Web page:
The city of Wichita has received a $150,000 profit-sharing check from the Hyatt Regency Wichita — the first since the city bought the hotel in 2001.
The money will go toward balancing the 2013 and 2014 budgets, city officials said Wednesday. The check drives the city’s annual return on the hotel to about $350,000, including rental payments for promenade meeting rooms totaling about $200,000 annually.
It’s the first of what city officials expect to be annual profit-sharing checks from the hotel, which was bought in 2001 by the Bob Knight-led City Council to ensure an inventory of convention hotel rooms downtown.
“It’s proof that (former city manager Chris) Cherches, Bob Knight and those guys had an excellent idea that has proven over time to be successful,” said Mayor Carl Brewer.
Brewer said the Hyatt is a solid public investment that supports conventions, tourism and ongoing core-area improvements downtown.
“The hotel has always been profitable,” Brewer said. “And it’s a key part of recruiting conventions and events to Wichita, along with a key piece of our downtown revitalization.”
After 2014, City Manager Robert Layton expects to add the profit-sharing revenues to the debt service and capital improvement funds. City officials now are working through projected budget deficits of $1.3 million this year and $3.6 million in 2014.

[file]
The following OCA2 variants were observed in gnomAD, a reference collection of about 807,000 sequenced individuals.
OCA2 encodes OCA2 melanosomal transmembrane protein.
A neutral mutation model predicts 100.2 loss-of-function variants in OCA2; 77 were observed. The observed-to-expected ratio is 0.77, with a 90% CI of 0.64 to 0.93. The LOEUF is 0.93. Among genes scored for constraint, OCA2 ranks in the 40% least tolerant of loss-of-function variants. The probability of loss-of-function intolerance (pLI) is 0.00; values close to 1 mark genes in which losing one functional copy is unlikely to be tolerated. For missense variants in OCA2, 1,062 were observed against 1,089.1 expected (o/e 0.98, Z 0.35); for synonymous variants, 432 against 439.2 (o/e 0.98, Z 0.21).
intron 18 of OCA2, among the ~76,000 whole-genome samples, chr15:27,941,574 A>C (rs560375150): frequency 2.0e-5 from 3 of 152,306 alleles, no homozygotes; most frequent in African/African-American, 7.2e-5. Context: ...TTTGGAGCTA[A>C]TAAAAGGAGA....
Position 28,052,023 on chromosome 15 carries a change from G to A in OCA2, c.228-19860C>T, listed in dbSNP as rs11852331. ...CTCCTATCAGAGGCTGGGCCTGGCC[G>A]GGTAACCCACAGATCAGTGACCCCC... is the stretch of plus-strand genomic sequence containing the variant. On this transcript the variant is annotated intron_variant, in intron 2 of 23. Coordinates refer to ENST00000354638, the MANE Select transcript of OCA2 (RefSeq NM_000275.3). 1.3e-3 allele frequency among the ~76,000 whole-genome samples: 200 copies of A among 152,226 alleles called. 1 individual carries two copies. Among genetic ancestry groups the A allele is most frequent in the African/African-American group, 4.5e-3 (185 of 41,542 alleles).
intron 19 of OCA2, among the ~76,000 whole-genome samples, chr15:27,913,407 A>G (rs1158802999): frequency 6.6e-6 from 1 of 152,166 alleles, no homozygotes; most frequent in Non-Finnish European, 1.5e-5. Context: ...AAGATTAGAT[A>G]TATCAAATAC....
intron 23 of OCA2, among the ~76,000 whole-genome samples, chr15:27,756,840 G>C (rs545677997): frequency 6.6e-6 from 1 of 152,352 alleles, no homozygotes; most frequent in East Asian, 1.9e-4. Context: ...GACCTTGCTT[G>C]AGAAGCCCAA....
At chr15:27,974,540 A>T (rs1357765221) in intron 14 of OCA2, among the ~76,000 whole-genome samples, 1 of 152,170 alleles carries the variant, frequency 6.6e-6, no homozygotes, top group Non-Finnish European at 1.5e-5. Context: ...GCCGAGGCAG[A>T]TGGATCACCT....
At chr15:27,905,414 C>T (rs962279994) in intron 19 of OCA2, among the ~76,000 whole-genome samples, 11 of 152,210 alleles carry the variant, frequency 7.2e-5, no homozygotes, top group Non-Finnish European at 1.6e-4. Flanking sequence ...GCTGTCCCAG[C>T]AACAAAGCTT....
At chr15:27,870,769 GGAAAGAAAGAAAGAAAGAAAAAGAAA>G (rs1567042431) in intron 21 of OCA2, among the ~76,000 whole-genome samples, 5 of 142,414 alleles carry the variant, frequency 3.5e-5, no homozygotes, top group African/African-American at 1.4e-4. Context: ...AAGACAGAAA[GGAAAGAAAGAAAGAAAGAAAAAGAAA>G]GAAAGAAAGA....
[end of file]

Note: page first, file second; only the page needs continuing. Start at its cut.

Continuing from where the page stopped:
The city sets aside 5 percent of net operating revenue at the hotel for capital improvements there, which Brewer said have produced between $700,000 and $2 million annually for hotel maintenance and improvements.
Next year, the first remodeling of the guest rooms at the Hyatt since its 1998 construction will begin, Layton said.
Municipally owned hotels aren’t unusual in the United States, said Kathryn Potter, executive vice president of marketing and communications for the American Hotel & Lodging Association. Other cities in the hotel business include Baltimore; Boston; Trenton, N.J.; Cedar Rapids, Iowa; and Jackson, Miss., the AHLA said.
Wichita was on the leading edge of taking over flagging properties to maintain a strong convention inventory of rooms in 2001, Layton said.
“The city of Phoenix, for example, owns two hotels near the city’s convention center,” he said. “Wichita was an early adopter of that model in terms of our convention center, but it does happen.”